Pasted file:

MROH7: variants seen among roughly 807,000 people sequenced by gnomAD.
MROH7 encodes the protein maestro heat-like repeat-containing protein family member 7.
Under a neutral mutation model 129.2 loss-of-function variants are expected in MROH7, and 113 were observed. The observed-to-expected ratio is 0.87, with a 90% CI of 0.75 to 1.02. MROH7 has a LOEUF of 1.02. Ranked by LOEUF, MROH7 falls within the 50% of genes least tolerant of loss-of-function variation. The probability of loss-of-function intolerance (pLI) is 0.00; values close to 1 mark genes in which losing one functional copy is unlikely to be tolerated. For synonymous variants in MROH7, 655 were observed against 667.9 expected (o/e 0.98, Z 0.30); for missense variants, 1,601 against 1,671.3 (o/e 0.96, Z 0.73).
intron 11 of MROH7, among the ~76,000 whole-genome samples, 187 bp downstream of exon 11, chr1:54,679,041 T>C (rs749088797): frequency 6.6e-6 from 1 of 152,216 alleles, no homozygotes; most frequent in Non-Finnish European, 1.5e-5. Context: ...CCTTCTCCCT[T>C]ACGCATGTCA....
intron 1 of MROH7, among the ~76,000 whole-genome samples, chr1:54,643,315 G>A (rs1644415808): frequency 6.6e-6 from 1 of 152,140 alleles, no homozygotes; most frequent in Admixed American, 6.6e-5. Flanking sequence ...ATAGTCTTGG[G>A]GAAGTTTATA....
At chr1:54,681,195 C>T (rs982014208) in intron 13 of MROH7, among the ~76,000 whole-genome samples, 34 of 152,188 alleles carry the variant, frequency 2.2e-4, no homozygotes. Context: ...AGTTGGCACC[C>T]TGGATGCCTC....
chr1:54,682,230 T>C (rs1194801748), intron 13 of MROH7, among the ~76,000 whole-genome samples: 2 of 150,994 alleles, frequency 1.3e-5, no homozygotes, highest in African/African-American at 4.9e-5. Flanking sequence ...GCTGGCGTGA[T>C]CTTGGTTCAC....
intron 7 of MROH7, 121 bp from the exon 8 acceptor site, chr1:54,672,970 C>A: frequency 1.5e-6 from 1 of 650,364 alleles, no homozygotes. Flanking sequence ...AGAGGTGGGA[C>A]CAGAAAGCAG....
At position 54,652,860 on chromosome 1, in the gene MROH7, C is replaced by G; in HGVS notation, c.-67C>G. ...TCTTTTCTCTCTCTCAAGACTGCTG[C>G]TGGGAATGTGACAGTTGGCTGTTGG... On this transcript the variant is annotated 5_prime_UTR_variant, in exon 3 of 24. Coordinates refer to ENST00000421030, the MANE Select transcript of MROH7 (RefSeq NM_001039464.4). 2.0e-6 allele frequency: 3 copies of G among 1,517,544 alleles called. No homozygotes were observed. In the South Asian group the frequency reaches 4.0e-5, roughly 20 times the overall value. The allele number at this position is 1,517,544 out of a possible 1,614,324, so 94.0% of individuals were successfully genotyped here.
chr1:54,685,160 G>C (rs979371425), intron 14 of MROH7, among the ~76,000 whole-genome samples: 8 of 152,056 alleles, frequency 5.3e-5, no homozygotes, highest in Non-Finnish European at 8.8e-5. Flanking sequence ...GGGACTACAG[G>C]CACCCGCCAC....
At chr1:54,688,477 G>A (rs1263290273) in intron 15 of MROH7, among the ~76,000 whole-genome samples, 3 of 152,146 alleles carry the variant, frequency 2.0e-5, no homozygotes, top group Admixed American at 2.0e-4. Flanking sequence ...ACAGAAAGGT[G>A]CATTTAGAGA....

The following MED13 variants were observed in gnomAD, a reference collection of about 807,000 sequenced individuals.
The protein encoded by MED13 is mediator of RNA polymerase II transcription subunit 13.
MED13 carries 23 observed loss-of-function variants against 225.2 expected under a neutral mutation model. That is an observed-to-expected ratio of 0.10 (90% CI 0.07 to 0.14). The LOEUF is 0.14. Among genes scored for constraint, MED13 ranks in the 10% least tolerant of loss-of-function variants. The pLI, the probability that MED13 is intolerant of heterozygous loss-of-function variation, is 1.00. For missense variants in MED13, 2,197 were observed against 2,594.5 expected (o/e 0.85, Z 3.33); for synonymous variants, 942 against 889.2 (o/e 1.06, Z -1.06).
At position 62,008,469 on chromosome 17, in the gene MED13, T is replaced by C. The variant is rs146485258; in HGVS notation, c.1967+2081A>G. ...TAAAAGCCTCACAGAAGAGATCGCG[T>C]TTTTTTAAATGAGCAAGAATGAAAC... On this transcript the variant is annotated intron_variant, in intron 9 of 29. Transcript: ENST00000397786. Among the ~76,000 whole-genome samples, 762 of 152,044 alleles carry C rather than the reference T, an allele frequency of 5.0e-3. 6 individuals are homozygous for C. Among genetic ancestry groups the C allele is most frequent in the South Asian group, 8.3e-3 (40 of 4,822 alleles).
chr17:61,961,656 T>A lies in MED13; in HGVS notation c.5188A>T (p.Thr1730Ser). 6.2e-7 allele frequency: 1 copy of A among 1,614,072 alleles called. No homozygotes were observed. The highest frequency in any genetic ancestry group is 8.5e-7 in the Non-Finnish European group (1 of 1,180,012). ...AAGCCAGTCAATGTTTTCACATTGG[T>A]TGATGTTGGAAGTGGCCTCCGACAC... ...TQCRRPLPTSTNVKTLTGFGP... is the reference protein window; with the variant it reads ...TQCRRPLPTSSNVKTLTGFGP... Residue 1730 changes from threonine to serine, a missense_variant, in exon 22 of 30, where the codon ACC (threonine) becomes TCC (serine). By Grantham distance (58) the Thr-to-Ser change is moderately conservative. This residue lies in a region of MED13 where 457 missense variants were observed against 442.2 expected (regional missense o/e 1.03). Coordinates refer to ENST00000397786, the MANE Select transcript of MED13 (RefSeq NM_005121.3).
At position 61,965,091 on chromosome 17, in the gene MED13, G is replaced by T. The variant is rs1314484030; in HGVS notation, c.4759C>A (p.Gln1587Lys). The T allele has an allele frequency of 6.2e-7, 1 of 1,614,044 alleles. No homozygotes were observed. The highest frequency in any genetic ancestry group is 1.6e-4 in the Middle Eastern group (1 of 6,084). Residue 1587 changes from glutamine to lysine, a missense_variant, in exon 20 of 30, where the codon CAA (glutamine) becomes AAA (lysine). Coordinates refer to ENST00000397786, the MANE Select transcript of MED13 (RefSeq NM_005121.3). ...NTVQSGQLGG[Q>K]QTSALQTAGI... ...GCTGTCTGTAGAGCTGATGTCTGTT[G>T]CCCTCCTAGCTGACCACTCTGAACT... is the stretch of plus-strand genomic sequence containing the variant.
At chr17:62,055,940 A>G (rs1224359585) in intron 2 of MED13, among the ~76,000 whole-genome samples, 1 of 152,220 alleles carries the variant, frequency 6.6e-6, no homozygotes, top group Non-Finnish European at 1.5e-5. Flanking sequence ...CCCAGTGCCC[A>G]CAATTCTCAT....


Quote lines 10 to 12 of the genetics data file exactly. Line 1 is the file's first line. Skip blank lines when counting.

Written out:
chr1:54,685,160 G>C (rs979371425), intron 14 of MROH7, among the ~76,000 whole-genome samples: 8 of 152,056 alleles, frequency 5.3e-5, no homozygotes, highest in Non-Finnish European at 8.8e-5. Flanking sequence ...GGGACTACAG[G>C]CACCCGCCAC....
At chr1:54,688,477 G>A (rs1263290273) in intron 15 of MROH7, among the ~76,000 whole-genome samples, 3 of 152,146 alleles carry the variant, frequency 2.0e-5, no homozygotes, top group Admixed American at 2.0e-4. Flanking sequence ...ACAGAAAGGT[G>A]CATTTAGAGA....

The following MED13 variants were observed in gnomAD, a reference collection of about 807,000 sequenced individuals.